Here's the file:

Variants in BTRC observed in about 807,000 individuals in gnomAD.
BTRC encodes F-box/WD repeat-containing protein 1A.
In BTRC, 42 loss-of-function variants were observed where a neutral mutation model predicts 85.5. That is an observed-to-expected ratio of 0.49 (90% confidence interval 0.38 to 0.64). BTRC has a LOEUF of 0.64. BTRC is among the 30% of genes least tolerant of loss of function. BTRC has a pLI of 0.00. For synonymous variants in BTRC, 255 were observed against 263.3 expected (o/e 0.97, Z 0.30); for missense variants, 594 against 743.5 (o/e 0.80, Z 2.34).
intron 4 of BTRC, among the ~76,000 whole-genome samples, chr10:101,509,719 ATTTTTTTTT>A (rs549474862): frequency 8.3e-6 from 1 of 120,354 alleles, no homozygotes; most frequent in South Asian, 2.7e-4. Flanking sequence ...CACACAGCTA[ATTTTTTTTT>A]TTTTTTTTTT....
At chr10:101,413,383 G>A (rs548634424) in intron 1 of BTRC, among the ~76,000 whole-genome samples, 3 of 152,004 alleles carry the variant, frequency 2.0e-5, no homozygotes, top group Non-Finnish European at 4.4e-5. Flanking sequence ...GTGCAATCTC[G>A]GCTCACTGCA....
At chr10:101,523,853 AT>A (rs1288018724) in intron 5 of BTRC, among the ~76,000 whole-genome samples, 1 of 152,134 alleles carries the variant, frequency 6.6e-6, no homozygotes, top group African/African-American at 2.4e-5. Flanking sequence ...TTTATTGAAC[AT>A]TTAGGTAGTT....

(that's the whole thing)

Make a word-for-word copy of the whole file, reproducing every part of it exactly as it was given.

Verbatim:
Variants in BTRC observed in about 807,000 individuals in gnomAD.
BTRC encodes F-box/WD repeat-containing protein 1A.
In BTRC, 42 loss-of-function variants were observed where a neutral mutation model predicts 85.5. That is an observed-to-expected ratio of 0.49 (90% confidence interval 0.38 to 0.64). BTRC has a LOEUF of 0.64. BTRC is among the 30% of genes least tolerant of loss of function. BTRC has a pLI of 0.00. For synonymous variants in BTRC, 255 were observed against 263.3 expected (o/e 0.97, Z 0.30); for missense variants, 594 against 743.5 (o/e 0.80, Z 2.34).
intron 4 of BTRC, among the ~76,000 whole-genome samples, chr10:101,509,719 ATTTTTTTTT>A (rs549474862): frequency 8.3e-6 from 1 of 120,354 alleles, no homozygotes; most frequent in South Asian, 2.7e-4. Flanking sequence ...CACACAGCTA[ATTTTTTTTT>A]TTTTTTTTTT....
At chr10:101,413,383 G>A (rs548634424) in intron 1 of BTRC, among the ~76,000 whole-genome samples, 3 of 152,004 alleles carry the variant, frequency 2.0e-5, no homozygotes, top group Non-Finnish European at 4.4e-5. Flanking sequence ...GTGCAATCTC[G>A]GCTCACTGCA....
At chr10:101,523,853 AT>A (rs1288018724) in intron 5 of BTRC, among the ~76,000 whole-genome samples, 1 of 152,134 alleles carries the variant, frequency 6.6e-6, no homozygotes, top group African/African-American at 2.4e-5. Flanking sequence ...TTTATTGAAC[AT>A]TTAGGTAGTT....